Keratoconus, a progressive thinning of the cornea, is the most common corneal dystrophy in the U.S., affecting one in every 2000 Americans.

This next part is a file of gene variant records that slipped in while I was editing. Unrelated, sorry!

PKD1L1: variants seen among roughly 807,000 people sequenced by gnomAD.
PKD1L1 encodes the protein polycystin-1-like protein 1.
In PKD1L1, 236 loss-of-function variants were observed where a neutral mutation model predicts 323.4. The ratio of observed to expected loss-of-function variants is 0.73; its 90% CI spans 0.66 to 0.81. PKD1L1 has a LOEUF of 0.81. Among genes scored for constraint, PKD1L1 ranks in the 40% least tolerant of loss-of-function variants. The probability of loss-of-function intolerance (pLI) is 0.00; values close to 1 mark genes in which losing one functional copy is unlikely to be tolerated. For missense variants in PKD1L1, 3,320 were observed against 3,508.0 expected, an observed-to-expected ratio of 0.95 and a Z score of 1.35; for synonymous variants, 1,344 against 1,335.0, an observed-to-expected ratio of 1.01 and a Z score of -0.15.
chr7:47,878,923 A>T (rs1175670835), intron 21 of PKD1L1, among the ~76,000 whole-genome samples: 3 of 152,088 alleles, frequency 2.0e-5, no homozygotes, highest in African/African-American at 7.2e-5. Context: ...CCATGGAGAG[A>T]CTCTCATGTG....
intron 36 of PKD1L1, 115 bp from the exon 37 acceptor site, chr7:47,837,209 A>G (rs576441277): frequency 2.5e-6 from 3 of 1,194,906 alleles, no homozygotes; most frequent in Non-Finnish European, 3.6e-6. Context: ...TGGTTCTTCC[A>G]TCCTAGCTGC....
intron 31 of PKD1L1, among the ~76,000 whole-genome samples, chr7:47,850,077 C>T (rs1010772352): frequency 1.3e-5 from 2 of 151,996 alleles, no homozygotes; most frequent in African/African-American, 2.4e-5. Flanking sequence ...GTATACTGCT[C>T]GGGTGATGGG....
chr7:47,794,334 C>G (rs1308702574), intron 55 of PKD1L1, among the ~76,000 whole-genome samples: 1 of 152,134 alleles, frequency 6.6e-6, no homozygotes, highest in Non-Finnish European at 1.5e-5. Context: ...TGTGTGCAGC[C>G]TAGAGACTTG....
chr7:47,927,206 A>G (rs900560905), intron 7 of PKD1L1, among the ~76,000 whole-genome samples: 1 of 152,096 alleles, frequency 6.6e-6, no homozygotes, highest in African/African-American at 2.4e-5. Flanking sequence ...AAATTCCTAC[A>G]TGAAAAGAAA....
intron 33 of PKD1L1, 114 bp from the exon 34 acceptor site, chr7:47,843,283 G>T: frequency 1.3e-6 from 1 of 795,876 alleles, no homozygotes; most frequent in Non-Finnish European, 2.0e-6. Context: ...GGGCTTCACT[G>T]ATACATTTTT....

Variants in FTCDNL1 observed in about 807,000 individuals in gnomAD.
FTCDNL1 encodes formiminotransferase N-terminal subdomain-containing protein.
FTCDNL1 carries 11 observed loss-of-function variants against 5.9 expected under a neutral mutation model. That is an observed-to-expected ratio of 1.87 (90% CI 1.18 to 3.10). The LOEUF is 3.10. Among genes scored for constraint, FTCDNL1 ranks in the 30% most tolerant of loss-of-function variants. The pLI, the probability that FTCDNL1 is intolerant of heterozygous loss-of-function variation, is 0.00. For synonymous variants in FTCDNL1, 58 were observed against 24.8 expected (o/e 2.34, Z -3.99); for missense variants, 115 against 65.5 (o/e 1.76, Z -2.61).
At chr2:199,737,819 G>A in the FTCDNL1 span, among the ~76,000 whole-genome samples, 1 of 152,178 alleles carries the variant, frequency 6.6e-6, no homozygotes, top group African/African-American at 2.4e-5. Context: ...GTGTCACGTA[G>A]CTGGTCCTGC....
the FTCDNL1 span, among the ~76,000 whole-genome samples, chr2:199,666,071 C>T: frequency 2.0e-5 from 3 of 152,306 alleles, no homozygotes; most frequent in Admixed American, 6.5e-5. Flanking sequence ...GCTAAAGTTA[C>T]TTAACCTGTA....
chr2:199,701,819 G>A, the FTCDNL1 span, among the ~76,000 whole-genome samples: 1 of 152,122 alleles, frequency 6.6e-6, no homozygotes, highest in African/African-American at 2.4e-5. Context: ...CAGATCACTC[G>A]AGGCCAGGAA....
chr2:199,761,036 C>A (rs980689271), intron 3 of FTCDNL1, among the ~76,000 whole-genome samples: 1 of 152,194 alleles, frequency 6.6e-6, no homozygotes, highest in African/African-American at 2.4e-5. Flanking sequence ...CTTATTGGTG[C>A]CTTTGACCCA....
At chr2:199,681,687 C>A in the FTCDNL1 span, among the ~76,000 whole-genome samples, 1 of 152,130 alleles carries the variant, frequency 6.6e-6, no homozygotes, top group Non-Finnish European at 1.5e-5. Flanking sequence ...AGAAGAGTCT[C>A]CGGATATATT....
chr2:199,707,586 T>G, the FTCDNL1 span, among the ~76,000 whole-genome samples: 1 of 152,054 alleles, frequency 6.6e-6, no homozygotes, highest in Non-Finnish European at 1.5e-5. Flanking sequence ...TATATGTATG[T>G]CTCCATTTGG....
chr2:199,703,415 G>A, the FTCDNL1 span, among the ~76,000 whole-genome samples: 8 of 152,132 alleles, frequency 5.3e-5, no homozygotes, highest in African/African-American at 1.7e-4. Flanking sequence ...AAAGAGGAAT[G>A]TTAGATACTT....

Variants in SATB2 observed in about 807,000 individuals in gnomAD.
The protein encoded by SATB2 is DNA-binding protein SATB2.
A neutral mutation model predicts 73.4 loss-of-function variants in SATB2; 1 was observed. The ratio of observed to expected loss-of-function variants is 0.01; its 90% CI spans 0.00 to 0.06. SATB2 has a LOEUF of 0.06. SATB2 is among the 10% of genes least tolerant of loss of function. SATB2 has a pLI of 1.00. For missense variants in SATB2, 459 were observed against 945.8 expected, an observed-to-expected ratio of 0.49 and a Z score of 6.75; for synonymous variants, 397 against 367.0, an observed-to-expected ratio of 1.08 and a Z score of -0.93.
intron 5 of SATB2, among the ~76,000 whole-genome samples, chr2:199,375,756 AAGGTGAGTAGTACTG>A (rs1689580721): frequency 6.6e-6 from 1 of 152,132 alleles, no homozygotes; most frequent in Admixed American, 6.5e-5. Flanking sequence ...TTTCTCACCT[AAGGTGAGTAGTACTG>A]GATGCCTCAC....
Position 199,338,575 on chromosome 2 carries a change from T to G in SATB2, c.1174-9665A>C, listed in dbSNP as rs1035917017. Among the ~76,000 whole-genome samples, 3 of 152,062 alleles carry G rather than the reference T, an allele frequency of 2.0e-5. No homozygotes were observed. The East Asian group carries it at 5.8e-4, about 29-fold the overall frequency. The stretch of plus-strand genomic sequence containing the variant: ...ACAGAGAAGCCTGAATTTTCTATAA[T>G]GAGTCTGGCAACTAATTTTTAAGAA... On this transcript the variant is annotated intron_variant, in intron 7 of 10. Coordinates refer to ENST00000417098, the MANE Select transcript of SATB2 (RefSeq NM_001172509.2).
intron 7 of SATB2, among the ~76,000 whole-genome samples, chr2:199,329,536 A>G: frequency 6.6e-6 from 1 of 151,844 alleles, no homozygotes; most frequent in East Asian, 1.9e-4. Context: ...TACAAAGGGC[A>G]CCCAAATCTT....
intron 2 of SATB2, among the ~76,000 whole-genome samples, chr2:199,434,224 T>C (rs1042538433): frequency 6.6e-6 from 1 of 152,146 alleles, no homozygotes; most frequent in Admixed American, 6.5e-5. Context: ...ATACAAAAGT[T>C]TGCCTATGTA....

Keratoconus is more prevalent in teenagers and adults in their twenties. It arises when a focal area of the cornea thins and gradually bulges outward, forming a rounded cone shape. This abnormal curvature changes the cornea’s refractive power, producing moderate to severe distortion (irregular astigmatism) and blurriness of vision. This eye disease may also cause sudden swelling and a sight-impairing scarring of the tissue.